The captors of journalist Utpal Das had demanded ransom from him and his family several times, but it seems they never really wanted the money.
During the 71 days of his captivity, the kidnappers repeatedly asked Utpal to pay money for his release. His father too got phone calls from Utpal's phone twice after his abduction from the capital's Dhanmondi area, but the caller did not say how and when they want the money to be sent.
The senior reporter of Purbopashchimbd.com, an online news portal, was found in Narayanganj on Tuesday night.
A black microbus dropped him off blindfolded in front of Shahjalal filling station in Aduria of Bhulta. Police briefly took him to Bhulta outpost before handing him over to the family members who reached there around 2:30am yesterday.
His return home comes amid a series of cases of disappearance of a number of prominent figures, including former ambassador to Vietnam Maroof Zaman and North South University teacher Mubashar Hasan, in recent months.
Since August 22, at least 12 people had gone missing from the capital alone. Four of them, including Utpal, have since returned home while police later said to have arrested three others. The fate of five others, including Maroof and Mubashar, is not yet clear.
Utpal, 27, received a call from a relative between 2:00pm and 2:30pm on October 10 when he was in front of Star Kebab in Dhanmondi.
The relative asked him to get a job done and Utpal said it would require Tk 5 lakh, he told The Daily Star at his village home in Narsingdi's Raipura yesterday.
"Soon a white microbus stopped before me. Four to five people got down from the vehicle and blindfolded and gagged me with black cloths. They then whisked me away,” said Utpal.
In the microbus, they slapped him twice in the head and demanded money, he said.
"Give us money, you have a lot," he quoted his kidnappers as telling him.
But they never said how much they wanted, he added.
After about three hours' drive, he was taken to a tin-shed house in a secluded place where he was kept confined for 71 days.
"I had to sleep on a mat on the floor. It had an attached toilet. There was no cot or any other furniture,” he said.
His captors slipped food under the door in a platter regularly, he said.
Periodically -- sometimes after four to five days and sometimes after about 10 days -- someone would ask him from behind the closed door if he managed the ransom.
In reply, he would say he was a mere journalist and did not have much money.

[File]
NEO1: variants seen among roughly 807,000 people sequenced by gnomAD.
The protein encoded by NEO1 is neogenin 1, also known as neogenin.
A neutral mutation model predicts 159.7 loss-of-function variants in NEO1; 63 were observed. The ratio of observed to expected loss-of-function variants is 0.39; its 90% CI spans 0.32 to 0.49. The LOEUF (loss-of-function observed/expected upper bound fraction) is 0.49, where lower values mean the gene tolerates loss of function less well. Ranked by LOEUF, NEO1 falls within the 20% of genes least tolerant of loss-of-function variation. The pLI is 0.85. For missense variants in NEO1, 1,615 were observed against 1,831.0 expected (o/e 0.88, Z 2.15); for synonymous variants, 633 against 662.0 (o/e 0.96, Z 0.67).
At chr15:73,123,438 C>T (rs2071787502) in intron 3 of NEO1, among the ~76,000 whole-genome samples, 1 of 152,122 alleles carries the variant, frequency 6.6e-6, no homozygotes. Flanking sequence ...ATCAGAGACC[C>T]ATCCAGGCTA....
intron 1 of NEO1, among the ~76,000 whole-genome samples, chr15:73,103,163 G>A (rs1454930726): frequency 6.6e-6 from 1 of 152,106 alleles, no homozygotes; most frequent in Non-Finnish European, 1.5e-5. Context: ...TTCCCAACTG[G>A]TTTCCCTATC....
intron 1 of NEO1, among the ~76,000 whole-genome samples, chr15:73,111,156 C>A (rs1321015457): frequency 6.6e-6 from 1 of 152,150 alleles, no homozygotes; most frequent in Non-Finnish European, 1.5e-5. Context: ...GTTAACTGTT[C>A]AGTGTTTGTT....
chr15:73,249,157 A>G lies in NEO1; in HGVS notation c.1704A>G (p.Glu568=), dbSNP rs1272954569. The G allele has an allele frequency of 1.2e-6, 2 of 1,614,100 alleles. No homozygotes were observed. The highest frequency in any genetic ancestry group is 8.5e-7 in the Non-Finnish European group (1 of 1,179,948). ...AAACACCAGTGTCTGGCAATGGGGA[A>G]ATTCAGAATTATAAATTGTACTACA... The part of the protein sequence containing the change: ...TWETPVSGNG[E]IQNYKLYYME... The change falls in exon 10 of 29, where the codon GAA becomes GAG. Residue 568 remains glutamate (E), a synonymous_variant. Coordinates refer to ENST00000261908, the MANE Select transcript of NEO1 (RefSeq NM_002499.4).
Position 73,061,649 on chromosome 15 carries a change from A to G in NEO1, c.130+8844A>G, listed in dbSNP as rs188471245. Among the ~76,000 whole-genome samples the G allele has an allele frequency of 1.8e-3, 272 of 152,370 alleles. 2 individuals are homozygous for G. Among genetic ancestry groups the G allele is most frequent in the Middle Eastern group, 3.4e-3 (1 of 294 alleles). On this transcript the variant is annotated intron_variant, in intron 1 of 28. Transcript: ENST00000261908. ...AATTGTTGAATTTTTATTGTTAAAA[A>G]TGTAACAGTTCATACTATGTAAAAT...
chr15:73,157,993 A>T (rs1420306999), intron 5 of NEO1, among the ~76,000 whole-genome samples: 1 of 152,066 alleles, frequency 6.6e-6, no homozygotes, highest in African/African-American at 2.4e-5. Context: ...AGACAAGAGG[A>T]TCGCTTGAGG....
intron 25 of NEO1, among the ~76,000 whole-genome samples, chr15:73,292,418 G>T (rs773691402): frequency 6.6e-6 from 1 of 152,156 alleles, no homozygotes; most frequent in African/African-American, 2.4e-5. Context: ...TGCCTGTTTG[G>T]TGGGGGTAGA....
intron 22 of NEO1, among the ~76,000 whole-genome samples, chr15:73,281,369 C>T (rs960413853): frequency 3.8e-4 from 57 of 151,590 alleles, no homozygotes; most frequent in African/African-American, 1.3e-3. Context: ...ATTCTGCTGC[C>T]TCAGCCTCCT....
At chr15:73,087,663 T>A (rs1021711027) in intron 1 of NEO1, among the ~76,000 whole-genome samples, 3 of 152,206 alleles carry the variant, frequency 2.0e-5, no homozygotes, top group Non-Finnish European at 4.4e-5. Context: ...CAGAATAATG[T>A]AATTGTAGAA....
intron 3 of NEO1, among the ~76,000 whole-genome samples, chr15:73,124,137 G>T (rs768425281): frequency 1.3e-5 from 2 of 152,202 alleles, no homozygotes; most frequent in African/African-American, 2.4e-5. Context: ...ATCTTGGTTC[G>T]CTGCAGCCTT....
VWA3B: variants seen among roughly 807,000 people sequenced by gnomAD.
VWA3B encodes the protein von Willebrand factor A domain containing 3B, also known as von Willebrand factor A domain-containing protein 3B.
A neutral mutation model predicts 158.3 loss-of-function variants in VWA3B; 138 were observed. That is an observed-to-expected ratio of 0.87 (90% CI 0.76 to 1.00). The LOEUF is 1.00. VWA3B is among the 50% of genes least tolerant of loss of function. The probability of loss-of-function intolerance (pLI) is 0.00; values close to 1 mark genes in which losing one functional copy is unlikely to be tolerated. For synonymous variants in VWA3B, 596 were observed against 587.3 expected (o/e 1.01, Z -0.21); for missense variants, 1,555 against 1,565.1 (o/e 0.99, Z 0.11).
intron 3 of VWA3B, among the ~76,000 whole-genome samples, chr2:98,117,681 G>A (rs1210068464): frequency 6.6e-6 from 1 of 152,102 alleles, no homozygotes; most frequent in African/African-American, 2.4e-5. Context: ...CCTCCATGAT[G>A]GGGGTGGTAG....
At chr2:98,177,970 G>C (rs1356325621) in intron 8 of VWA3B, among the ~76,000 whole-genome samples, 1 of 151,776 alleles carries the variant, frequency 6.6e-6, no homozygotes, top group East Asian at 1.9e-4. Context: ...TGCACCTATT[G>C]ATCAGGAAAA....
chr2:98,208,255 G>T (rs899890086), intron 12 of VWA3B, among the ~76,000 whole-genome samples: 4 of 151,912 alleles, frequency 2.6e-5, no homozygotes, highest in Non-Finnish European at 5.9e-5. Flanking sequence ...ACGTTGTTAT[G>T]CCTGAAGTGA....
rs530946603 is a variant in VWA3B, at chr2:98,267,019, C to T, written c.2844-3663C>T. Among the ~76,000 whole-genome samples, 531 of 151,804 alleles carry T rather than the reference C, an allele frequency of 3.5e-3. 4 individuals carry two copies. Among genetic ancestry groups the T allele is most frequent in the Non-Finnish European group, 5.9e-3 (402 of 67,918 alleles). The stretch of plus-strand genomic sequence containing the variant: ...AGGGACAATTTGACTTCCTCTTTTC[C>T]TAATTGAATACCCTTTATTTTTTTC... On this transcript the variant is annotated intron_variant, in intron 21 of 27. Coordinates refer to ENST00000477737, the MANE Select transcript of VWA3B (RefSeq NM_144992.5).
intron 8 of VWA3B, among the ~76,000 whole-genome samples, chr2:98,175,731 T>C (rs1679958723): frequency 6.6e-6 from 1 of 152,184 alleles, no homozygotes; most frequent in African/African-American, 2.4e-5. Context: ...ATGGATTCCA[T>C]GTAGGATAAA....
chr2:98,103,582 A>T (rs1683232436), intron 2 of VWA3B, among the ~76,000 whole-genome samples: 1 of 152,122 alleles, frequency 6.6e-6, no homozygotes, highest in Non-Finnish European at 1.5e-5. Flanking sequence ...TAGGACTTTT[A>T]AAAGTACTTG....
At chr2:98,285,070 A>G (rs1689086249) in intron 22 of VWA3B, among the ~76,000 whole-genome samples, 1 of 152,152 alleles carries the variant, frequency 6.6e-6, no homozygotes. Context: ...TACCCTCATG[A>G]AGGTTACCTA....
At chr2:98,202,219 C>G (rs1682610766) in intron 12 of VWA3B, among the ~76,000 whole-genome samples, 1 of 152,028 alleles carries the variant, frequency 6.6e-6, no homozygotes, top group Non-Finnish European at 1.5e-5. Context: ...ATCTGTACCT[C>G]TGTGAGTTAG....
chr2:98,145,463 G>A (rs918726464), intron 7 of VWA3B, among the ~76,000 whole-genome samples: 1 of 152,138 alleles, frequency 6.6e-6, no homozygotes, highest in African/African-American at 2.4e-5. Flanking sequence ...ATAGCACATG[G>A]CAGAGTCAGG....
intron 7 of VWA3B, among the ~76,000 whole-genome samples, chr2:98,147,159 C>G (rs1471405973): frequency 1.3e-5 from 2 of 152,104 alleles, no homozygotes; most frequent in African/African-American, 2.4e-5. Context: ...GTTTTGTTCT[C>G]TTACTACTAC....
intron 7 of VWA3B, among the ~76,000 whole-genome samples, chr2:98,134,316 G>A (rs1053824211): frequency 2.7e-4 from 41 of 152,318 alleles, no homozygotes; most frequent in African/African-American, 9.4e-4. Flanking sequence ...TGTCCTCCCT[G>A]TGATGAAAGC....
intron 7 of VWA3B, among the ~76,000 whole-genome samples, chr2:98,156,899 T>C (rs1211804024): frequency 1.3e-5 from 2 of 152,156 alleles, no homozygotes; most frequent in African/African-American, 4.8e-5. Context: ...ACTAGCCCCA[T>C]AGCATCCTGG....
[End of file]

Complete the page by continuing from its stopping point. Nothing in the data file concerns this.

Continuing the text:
"At times they would rebuke or even threaten me, but they never entered the room," he said.
Just two days before he was freed, some people came again and asked for ransom from behind the door. Moments later they whispered that Rab and police came to know about the incident, Utpal said.
Finally on Tuesday evening, a group of masked men entered the room, blindfolded him and forced him into a microbus.
After three to four hours, they stopped the microbus in an isolated place, and said, “We are letting you go. They also gave my cell phone back and asked me to uncover my eyes only after they honk the horn, or else they will kill me."
As the abductors left, he went to a shop near a CNG filling station and came to know that the place is called Bhulta in Rupganj. He then had his phone charged from the shop and made the first call to his mother.
IS IT FOR MONEY?
In a conventional case of abduction for money, kidnappers usually demand ransoms immediately after the incident.
But Utpal's father Chitta Ronjan Das said he first got a call from his son's cell phone 13 days after the abduction.
"Without identifying himself, the caller demanded Tk 1 lakh for our son's release," said Chitta Ronjan, principal at a kindergarten in Narsingdi.
The next day, the man called again, making the same demand, he said.
"When I told him that I want to talk to my son and asked him how and where to pay the money, he hung up.
"They did not make any call ever since and we found my son's phone switched off," said Chitta, who retired from a government primary school in 2010.
The abductors assertion that Utpal has a “lot of money” is also puzzling.
The family lives in a tin-shed rented house in Narsingdi. With his father's income from teaching far from adequate, Utpal, who lives and works in Dhaka, sends money home every month.
RAY OF HOPE FOR OTHERS
Following the return of Utpal and before him businessman Aniruddah Roy, family members of other missing people now hope that their loved ones too will come back home.
"We still have hope of getting my son back like journalist Utpal and businessman Aniruddha who returned to their families. We are waiting for his safe return," said Jamal Uddin Ahmed, father of missing Ishrak Ahmed Fahim, 19, a student at McGill University in Canada.
Ishrak went missing from Dhanmondi area on August 26.
Motaher Hossain, father of missing NSU teacher Mubashar Hasan, told this newspaper yesterday that he became hopeful about his son's return after he heard the news of Utpal.
"We cannot sleep at night as nightmares haunt us," he said.
[Our Narsingdi correspondent Benazir Ahmed Benu contributed to this report]